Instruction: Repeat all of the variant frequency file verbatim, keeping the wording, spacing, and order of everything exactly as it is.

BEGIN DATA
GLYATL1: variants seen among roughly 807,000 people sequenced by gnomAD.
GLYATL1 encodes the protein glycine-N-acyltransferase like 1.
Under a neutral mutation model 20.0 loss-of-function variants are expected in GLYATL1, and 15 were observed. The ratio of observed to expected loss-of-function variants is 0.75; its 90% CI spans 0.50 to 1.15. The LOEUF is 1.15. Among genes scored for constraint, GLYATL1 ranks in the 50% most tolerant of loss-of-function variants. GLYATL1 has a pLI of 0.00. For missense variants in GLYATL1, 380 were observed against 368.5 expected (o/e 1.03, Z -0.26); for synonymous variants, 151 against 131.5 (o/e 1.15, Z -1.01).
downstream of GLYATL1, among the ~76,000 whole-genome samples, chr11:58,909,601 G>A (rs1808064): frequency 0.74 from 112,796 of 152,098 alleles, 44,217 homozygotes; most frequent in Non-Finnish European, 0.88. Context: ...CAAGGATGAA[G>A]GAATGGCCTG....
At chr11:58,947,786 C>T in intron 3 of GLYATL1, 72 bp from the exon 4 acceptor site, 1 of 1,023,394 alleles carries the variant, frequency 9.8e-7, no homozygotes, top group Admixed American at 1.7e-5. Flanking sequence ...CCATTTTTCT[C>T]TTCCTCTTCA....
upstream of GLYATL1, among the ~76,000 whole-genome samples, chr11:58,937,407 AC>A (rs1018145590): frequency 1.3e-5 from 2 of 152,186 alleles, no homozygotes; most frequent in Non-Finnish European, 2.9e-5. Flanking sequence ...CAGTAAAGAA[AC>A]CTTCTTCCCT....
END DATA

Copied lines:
GLYATL1: variants seen among roughly 807,000 people sequenced by gnomAD.
GLYATL1 encodes the protein glycine-N-acyltransferase like 1.
Under a neutral mutation model 20.0 loss-of-function variants are expected in GLYATL1, and 15 were observed. The ratio of observed to expected loss-of-function variants is 0.75; its 90% CI spans 0.50 to 1.15. The LOEUF is 1.15. Among genes scored for constraint, GLYATL1 ranks in the 50% most tolerant of loss-of-function variants. GLYATL1 has a pLI of 0.00. For missense variants in GLYATL1, 380 were observed against 368.5 expected (o/e 1.03, Z -0.26); for synonymous variants, 151 against 131.5 (o/e 1.15, Z -1.01).
downstream of GLYATL1, among the ~76,000 whole-genome samples, chr11:58,909,601 G>A (rs1808064): frequency 0.74 from 112,796 of 152,098 alleles, 44,217 homozygotes; most frequent in Non-Finnish European, 0.88. Context: ...CAAGGATGAA[G>A]GAATGGCCTG....
At chr11:58,947,786 C>T in intron 3 of GLYATL1, 72 bp from the exon 4 acceptor site, 1 of 1,023,394 alleles carries the variant, frequency 9.8e-7, no homozygotes, top group Admixed American at 1.7e-5. Flanking sequence ...CCATTTTTCT[C>T]TTCCTCTTCA....
upstream of GLYATL1, among the ~76,000 whole-genome samples, chr11:58,937,407 AC>A (rs1018145590): frequency 1.3e-5 from 2 of 152,186 alleles, no homozygotes; most frequent in Non-Finnish European, 2.9e-5. Flanking sequence ...CAGTAAAGAA[AC>A]CTTCTTCCCT....